David Ferreira is the 2010 Major League Soccer regular season MVP.

Ferreira Named MLS MVP

FC Dallas midfielder David Ferreira was voted Major League Soccer's Most Valuable Player on Friday, November 19 at Toronto's BMO Field. Ferreira and his Dallas teammates will play in MLS Cup Final in Toronto on Sunday, November 21 (TSN2, 8:30 p.m.)

It was the 23rd Psalm.

It begins with the worlds ‘The Lord is my shepherd. I shall not want.’

MLS Most Valuable Player David (pronounced Dah-vid) Ferreira was reading it with some teammates, not long ago.

Nothing unusual about that, except that it was halftime of an MLS playoff game against the LA Galaxy.

That done, he stood up and announced his intentions.

“I am not coming back through this door a loser,” he said.

He didn’t. FC Dallas, who play the Colorado Rapids Sunday night in the MLS Cup, returned  3-0 winners. Ferreira’s was the winning marker.

Ferreira outdistanced LA’s Edson Buddle and Jose’s Chris Wondolowski to gain the award which uses input from players, coaches, executives and media. This is his first MVP title. In fact, Preki is the only player to have earned the honor twice.

Ferreira gives his dimensions as five-foot-five, 152 pounds, but that is only true if he wears a special lead-lined kit.  Still, size has done little to dissuade the Columbian who scored eight goals and recorded 13 assists during the season.  He was the most fouled player in the league but played every minute of the FC Dallas season but one.

“He’s solid, he’s quick. He’s got fight,” said DFC coach Schellas Hyndman.  “The one area that surpasses everything in a professional athlete is character. Talent can only take you so far. Character will keep you there. He exemplifies that.”

Ferreira, 31, has garnered 35 caps. A native of Santa Marta in the country’s northern tip, he grew up idolizing another football prodigy, Carlos Valderrama.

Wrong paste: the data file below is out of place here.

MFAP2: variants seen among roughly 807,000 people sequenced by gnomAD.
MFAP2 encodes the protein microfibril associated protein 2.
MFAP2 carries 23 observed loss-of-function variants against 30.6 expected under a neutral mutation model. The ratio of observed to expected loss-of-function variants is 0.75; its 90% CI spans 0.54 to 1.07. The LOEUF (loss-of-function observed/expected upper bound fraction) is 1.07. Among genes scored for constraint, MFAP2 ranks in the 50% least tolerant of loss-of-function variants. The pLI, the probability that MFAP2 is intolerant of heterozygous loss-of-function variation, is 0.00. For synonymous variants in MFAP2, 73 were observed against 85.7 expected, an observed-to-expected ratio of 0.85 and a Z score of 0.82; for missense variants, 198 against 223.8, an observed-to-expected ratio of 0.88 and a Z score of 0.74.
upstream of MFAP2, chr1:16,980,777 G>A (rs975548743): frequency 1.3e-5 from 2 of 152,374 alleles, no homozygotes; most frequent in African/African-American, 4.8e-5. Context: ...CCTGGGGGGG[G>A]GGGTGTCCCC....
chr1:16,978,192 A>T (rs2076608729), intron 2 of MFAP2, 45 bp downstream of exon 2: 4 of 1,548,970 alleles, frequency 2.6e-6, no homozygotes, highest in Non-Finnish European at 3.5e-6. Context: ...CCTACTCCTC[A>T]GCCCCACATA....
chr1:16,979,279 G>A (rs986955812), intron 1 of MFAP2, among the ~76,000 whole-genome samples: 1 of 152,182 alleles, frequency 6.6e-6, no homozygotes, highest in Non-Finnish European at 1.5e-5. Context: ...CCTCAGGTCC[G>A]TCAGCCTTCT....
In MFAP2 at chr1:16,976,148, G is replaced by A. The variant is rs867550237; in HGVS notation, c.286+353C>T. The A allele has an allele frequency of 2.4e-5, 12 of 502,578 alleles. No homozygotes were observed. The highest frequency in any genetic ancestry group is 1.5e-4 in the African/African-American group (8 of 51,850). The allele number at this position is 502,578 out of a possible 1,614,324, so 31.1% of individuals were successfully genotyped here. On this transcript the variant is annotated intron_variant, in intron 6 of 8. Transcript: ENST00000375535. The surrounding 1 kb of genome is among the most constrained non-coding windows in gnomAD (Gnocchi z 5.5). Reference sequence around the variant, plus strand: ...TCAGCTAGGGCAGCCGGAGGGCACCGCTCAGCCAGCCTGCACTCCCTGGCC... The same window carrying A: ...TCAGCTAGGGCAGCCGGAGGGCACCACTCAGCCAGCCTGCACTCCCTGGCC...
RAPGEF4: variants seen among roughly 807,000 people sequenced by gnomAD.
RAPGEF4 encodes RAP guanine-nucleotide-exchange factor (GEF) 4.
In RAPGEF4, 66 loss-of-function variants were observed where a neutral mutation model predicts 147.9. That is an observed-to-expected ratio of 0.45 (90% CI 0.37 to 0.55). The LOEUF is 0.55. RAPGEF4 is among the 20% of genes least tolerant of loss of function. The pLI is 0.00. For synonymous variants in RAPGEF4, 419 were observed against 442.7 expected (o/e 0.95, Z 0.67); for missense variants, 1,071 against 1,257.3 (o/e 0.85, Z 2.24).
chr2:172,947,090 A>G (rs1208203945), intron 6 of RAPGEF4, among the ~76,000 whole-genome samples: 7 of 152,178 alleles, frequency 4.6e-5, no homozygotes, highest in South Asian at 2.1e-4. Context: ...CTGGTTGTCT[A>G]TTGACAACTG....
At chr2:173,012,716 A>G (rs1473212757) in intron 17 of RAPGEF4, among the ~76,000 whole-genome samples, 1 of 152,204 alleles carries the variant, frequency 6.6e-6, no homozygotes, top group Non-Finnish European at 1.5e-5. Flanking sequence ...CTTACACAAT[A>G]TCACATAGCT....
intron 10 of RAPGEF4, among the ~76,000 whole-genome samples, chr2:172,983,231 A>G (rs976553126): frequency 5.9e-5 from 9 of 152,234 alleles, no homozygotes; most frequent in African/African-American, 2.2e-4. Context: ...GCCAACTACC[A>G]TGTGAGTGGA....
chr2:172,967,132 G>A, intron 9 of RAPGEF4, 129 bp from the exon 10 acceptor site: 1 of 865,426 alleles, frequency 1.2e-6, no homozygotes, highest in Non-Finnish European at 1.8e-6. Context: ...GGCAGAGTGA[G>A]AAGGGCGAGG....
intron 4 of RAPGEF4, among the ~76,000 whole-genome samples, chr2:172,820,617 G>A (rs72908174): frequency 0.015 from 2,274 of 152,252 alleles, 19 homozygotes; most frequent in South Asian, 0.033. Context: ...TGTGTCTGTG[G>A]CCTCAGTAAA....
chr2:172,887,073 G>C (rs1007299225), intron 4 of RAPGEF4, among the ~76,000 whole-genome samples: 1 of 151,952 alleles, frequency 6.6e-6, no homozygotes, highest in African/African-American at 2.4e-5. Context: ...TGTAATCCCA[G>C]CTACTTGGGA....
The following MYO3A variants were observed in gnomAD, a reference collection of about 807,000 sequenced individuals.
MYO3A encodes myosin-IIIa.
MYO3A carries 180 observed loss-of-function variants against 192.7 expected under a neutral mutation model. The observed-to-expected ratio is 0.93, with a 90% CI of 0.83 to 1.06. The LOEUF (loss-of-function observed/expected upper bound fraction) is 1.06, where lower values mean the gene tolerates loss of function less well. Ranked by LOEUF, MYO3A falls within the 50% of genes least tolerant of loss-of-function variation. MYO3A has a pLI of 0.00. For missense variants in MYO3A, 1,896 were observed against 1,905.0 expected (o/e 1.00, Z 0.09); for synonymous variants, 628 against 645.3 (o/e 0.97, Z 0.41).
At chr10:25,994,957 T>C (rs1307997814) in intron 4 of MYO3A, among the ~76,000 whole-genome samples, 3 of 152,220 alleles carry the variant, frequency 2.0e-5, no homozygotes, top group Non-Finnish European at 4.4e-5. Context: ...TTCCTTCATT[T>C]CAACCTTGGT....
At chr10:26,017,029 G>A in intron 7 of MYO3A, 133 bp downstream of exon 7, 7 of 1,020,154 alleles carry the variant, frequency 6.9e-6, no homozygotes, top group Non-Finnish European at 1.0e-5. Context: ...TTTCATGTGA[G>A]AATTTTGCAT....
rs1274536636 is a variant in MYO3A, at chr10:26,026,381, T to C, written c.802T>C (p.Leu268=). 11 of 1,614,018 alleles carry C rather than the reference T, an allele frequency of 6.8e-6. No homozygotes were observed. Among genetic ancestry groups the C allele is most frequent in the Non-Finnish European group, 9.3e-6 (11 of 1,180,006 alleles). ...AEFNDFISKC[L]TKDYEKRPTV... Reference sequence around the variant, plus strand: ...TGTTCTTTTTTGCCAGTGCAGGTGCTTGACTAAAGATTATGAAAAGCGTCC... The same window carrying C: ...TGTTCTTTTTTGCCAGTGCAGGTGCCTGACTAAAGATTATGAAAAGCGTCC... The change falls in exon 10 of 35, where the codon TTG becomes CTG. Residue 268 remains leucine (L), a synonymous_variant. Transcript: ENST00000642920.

“I liked him when he was so peaceful when he made his passes,” Ferreira said.

Peacefulness is a theme to which Ferreira often  returns . When asked how a player his size can prosper against men who are so much bigger, he says through an interpreter: “it’s all based on the tranquility you have in the moment.”

Hyndman, meanwhile,  says deprivation is an excellent finishing school.

“I think the players coming out of Central America, they find life a little bit harder,” he said. “Life in Columbia may not be as easy as it is here so they are ingrained to be professionals at very young age. Everything is so serious because it’s a livelihood. It’s ‘how long can I last and how can I take care of wife, my children, and give them the life that I didn’t have?“

No argument there but the tiny Columbian is just as adept setting up goals as finishing them. Desperation, at least the kind that leads to wasted chances, is absent from his game.

He is the rarest of players, the kind playing chess while everyone is playing checkers.

The killing moment is where he finds his quiet.  At that moment he is, in every way, where everybody wants to be.